Duchenne foundation funds research leading to first-in-human clinical study

By Jenni Spinner

- Last updated on GMT


Related tags Duchenne muscular dystrophy preclinical Rare disease Precision medicine

The research taking place at Nationwide Children’s Hospital is seeking a treatment for a rare Duchenne muscular dystrophy mutation.

According to CureDuchenne, an organization dedicated to furthering research and care for Duchenne muscular dystrophy (DMD), Kevin Flanigan (director of the Center for Gene Therapy) has used gene therapy to treat two patients carrying the rare Duplication 2 mutation. The organization reportedly began Flanigan’s early work in the area 10 years ago, continuing through the development’s preclinical phase.

Outsourcing-Pharma (OSP) recently talked with CureDuchenne CEO and founder Debra Miller (DM) about the most recent Duplication 2 study, the organization’s mission to attain a cure for the rare and deadly disease, and her personal experience with DMD.a

OSP: Please tell us about CureDuchenne—who you are, what you do, and the programs and projects you’ve got going on.

DM: CureDuchenne is the largest Duchenne organization, including programs in research, patient care and support, biobank services and advocacy.  Our mission is our name; to cure Duchenne muscular dystrophy.

CureDuchenne has provided funding to 15 projects that have progressed to human clinical trials, two of them receiving FDA approval.  We use a venture philanthropy model with invests in biotech companies and re-deploy proceeds from successful investments, back into further research.

OSP: Could you please tell us about Duchenne, and about the Duplication 2 mutation?

DM: Duchenne is caused by a defect on the dystrophin gene, the largest gene in the body.  When one or more exons (pieces of DNA that must fit together to make the dystrophin protein) are deleted, duplicated or otherwise out of order, the protein making mechanism stops.

The majority of Duchenne cases can be grouped together in the “hotspot” region of the gene, and the first therapies being investigated and approved, address the most common mutations.  Early on, CureDuchenne took a serious interest in rare Duchenne mutations; just because a boy was unlucky enough to have a rare mutation in addition to having a rare disease, this should not exclude them from a therapy.

Over 10 years ago, CureDuchenne connected with Dr. Kevin Flanigan, who was also interested in rare mutations.  In 2010, CureDuchenne provided funding to Dr. Flanigan’s lab to create a custom mouse that carries a duplicate exon 2. 

Over the next 10 years, CureDuchenne provided two additional grants to Dr. Flanigan to test U7 exon skipping of duplication 2 in this mouse model and complete the preclinical work that would lead to a human clinical trial.

The Duplication 2 mutation was interesting because if you are able to completely skip (mask) one copy of exon 2, you would end up with “wild-type” (normal) dystrophin production.  If, instead, the targeting is less precise and you mask both copies of exon 2, the dystrophin protein was still produced, thanks to an internal ribosome entry site (IRES). 

The IRES basically kick starts the production of a functional dystrophin protein at exon 6.  This provided a safe target to employ a novel therapeutic approach.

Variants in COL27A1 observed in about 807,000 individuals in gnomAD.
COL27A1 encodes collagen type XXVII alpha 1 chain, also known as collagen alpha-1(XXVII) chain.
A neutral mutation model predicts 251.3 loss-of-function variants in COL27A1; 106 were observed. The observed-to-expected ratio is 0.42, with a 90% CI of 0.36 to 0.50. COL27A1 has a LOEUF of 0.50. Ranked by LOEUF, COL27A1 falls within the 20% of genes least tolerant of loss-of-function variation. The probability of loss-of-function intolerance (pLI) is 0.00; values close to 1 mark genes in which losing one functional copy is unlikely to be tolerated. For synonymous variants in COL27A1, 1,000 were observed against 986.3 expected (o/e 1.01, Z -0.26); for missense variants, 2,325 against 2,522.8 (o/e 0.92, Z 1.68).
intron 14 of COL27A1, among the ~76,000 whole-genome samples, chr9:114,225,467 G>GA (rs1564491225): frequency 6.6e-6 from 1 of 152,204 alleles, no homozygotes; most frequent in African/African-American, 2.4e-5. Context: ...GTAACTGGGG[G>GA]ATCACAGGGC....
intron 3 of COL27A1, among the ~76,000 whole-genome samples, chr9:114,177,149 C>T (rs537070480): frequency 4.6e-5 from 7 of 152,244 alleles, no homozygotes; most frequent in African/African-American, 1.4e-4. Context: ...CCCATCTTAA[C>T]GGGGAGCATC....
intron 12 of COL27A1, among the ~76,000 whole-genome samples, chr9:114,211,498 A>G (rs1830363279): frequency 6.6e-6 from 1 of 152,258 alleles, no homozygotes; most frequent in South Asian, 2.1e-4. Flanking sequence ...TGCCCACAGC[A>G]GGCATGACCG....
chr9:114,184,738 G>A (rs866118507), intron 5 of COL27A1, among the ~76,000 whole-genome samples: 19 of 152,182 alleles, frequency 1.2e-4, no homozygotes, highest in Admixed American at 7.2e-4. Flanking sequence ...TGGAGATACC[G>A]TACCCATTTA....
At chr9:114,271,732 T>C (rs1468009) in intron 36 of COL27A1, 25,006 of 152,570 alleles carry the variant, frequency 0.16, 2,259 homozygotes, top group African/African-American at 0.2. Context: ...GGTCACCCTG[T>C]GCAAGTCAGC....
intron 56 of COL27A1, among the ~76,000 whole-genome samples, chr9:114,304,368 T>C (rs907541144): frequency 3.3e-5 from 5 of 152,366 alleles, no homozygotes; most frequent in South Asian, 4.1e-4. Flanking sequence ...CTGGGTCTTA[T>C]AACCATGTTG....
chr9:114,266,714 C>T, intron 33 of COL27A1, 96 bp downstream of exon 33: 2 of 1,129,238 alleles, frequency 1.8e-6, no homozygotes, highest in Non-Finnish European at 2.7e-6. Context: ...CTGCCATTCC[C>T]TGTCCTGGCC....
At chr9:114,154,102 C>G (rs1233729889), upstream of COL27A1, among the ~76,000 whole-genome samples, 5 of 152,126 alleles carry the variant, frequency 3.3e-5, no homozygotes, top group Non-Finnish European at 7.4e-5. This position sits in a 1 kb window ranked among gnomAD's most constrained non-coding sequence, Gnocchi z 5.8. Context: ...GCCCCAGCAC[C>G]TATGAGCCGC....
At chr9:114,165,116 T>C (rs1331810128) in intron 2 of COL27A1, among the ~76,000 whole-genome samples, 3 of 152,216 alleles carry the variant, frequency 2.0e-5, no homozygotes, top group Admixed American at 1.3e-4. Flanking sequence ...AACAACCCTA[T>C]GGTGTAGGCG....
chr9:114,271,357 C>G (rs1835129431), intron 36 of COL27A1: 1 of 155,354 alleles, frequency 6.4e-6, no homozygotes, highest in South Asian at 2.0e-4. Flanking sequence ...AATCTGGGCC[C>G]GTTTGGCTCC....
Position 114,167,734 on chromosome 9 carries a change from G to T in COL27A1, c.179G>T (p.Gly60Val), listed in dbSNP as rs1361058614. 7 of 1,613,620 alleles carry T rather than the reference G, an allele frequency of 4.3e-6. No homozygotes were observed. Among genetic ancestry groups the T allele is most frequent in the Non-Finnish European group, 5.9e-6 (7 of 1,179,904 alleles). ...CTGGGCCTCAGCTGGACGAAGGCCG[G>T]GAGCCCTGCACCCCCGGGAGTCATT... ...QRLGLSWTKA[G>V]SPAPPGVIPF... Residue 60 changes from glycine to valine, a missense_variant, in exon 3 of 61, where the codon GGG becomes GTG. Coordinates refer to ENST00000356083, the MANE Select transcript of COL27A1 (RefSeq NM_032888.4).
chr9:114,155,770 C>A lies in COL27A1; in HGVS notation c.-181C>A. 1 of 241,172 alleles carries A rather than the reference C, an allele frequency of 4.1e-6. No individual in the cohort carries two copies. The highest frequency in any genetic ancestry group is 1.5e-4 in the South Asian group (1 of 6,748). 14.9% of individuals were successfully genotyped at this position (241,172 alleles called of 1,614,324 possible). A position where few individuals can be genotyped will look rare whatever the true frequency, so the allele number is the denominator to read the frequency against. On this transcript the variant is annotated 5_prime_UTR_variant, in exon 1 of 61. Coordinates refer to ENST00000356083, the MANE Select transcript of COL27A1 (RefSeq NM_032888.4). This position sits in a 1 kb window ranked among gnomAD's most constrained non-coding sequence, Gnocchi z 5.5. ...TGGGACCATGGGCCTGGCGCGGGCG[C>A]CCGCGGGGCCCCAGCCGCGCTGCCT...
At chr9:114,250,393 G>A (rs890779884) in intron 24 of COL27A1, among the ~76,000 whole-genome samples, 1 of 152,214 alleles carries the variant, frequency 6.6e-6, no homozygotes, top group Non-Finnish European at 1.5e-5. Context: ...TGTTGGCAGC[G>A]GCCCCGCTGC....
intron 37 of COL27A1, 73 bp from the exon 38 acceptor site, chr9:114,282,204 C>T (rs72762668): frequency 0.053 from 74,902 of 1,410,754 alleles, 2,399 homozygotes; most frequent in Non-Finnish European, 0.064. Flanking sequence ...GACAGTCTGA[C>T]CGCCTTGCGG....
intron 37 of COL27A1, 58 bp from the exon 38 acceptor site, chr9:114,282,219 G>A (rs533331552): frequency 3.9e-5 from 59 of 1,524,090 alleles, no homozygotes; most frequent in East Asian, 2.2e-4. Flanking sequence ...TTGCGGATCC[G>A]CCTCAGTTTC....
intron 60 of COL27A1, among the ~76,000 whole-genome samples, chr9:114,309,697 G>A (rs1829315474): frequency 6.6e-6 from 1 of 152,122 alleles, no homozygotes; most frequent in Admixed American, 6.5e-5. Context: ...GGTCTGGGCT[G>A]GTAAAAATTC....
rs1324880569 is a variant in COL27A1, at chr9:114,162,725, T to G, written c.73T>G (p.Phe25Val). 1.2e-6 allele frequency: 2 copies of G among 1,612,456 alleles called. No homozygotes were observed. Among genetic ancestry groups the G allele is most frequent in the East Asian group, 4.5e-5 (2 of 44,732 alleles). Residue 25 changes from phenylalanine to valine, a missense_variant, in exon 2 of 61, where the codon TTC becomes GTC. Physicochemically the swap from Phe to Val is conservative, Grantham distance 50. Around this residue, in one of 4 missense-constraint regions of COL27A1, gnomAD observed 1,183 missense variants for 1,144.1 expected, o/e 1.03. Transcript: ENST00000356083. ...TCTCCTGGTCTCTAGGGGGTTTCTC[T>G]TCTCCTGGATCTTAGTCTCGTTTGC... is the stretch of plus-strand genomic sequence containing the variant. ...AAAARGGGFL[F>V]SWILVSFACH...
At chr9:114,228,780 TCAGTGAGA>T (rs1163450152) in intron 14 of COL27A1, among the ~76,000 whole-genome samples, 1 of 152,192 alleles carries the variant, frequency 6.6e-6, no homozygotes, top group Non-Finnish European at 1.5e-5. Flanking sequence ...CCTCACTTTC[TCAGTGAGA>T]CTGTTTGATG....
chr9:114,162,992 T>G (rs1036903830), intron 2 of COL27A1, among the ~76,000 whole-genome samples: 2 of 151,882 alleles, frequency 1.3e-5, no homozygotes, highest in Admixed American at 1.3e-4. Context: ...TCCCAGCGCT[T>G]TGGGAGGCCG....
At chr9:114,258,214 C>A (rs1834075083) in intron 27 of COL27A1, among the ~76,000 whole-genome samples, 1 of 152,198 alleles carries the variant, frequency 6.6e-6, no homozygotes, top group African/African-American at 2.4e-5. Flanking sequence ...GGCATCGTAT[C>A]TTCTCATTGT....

OSP: Please tell us about the Center for Gene Therapy—has CureDuchenne worked with them in the past, or have they tackled Duchenne-related research previously?

DM: The Gene Therapy Center at Nationwide Children’s Hospital has a significant focus on neuromuscular diseases, including Duchenne.  In 2010, CureDuchenne funded a biotech company, Sarepta that worked closed with Nationwide for a first-generation exon skipping program later called Exondys 51, which became the first therapy approved for Duchenne; Sarepta then turned a great deal of focus on gene therapy and continues to work closely with Nationwide.

OSP: Please tell us about study, the gene-therapy vector and the two boys.

DM: Nationwide Children’s licensed the technology for U7 exon skipping for duplication 2, as well as a couple additional exons, to Audentes.  Audentes was subsequently acquired by Astellas, a large pharmaceutical company.  The development of these therapies is ongoing, albeit, possibly delayed by Covid. 

Dr. Flanigan reserved the right to treat two patients, who remain anonymous.  We are anxiously awaiting news of their progress and hopeful that many more Duchenne patients will be able to take advantage of Dr. Flanigan’s discovery.

OSP: What’s the next step?

DM: We believe that another biotech company has licensed this U7 technology for at least one other exon program, exon 44.  But, this has not been publicly disclosed. 

Since this is the exon skipping program that my son requires, I’m obviously anxious to see that it gets developed quickly and that it does not sit on a shelf due to competition with existing exon skipping programs.

OSP: Finally, what’s one thing you’d like people to know about Duchenne?

DM: Duchenne is a 100% fatal disease; most boys lose their ability to walk by the age of 15 and succumb to the disease by the time they are in their mid-twenties.  CureDuchenne’s funded research has now progressed to phase III trials and we have real hope.

We funded a gene therapy company that was acquired by Pfizer in 2016.  The patients in the first gene therapy trial seem to be doing very well.  Unfortunately, gene therapy trials only enroll very young patients. 

At this point, I believe it is safe to say, we will have a cure for Duchenne.  Our challenge now, is to make sure that everyone affected by this terrible disease has a cure.  I know we can do it!

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